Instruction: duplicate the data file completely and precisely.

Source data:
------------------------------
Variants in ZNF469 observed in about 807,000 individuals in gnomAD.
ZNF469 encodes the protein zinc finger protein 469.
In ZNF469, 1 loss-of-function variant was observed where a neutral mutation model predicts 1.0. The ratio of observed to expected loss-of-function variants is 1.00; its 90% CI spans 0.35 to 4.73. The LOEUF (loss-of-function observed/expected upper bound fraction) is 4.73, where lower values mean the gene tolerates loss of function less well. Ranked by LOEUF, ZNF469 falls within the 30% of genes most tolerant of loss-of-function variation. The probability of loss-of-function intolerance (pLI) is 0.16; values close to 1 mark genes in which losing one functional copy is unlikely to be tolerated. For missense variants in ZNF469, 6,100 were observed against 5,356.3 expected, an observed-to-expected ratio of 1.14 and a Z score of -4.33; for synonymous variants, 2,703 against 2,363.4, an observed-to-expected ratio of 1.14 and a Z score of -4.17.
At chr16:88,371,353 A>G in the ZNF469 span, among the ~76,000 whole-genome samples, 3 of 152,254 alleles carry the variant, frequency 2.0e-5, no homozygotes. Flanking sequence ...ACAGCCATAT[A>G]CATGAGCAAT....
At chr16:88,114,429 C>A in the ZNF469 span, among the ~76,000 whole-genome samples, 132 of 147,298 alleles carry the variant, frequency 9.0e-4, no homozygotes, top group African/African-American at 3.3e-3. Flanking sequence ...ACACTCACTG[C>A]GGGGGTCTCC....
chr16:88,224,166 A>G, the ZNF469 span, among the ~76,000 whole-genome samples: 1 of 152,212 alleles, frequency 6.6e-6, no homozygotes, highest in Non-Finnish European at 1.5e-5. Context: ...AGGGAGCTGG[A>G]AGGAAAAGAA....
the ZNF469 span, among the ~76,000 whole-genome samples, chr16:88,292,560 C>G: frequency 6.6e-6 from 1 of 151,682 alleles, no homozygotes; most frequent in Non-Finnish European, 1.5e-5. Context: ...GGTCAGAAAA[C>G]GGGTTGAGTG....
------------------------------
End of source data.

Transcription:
Variants in ZNF469 observed in about 807,000 individuals in gnomAD.
ZNF469 encodes the protein zinc finger protein 469.
In ZNF469, 1 loss-of-function variant was observed where a neutral mutation model predicts 1.0. The ratio of observed to expected loss-of-function variants is 1.00; its 90% CI spans 0.35 to 4.73. The LOEUF (loss-of-function observed/expected upper bound fraction) is 4.73, where lower values mean the gene tolerates loss of function less well. Ranked by LOEUF, ZNF469 falls within the 30% of genes most tolerant of loss-of-function variation. The probability of loss-of-function intolerance (pLI) is 0.16; values close to 1 mark genes in which losing one functional copy is unlikely to be tolerated. For missense variants in ZNF469, 6,100 were observed against 5,356.3 expected, an observed-to-expected ratio of 1.14 and a Z score of -4.33; for synonymous variants, 2,703 against 2,363.4, an observed-to-expected ratio of 1.14 and a Z score of -4.17.
At chr16:88,371,353 A>G in the ZNF469 span, among the ~76,000 whole-genome samples, 3 of 152,254 alleles carry the variant, frequency 2.0e-5, no homozygotes. Flanking sequence ...ACAGCCATAT[A>G]CATGAGCAAT....
At chr16:88,114,429 C>A in the ZNF469 span, among the ~76,000 whole-genome samples, 132 of 147,298 alleles carry the variant, frequency 9.0e-4, no homozygotes, top group African/African-American at 3.3e-3. Flanking sequence ...ACACTCACTG[C>A]GGGGGTCTCC....
chr16:88,224,166 A>G, the ZNF469 span, among the ~76,000 whole-genome samples: 1 of 152,212 alleles, frequency 6.6e-6, no homozygotes, highest in Non-Finnish European at 1.5e-5. Context: ...AGGGAGCTGG[A>G]AGGAAAAGAA....
the ZNF469 span, among the ~76,000 whole-genome samples, chr16:88,292,560 C>G: frequency 6.6e-6 from 1 of 151,682 alleles, no homozygotes; most frequent in Non-Finnish European, 1.5e-5. Context: ...GGTCAGAAAA[C>G]GGGTTGAGTG....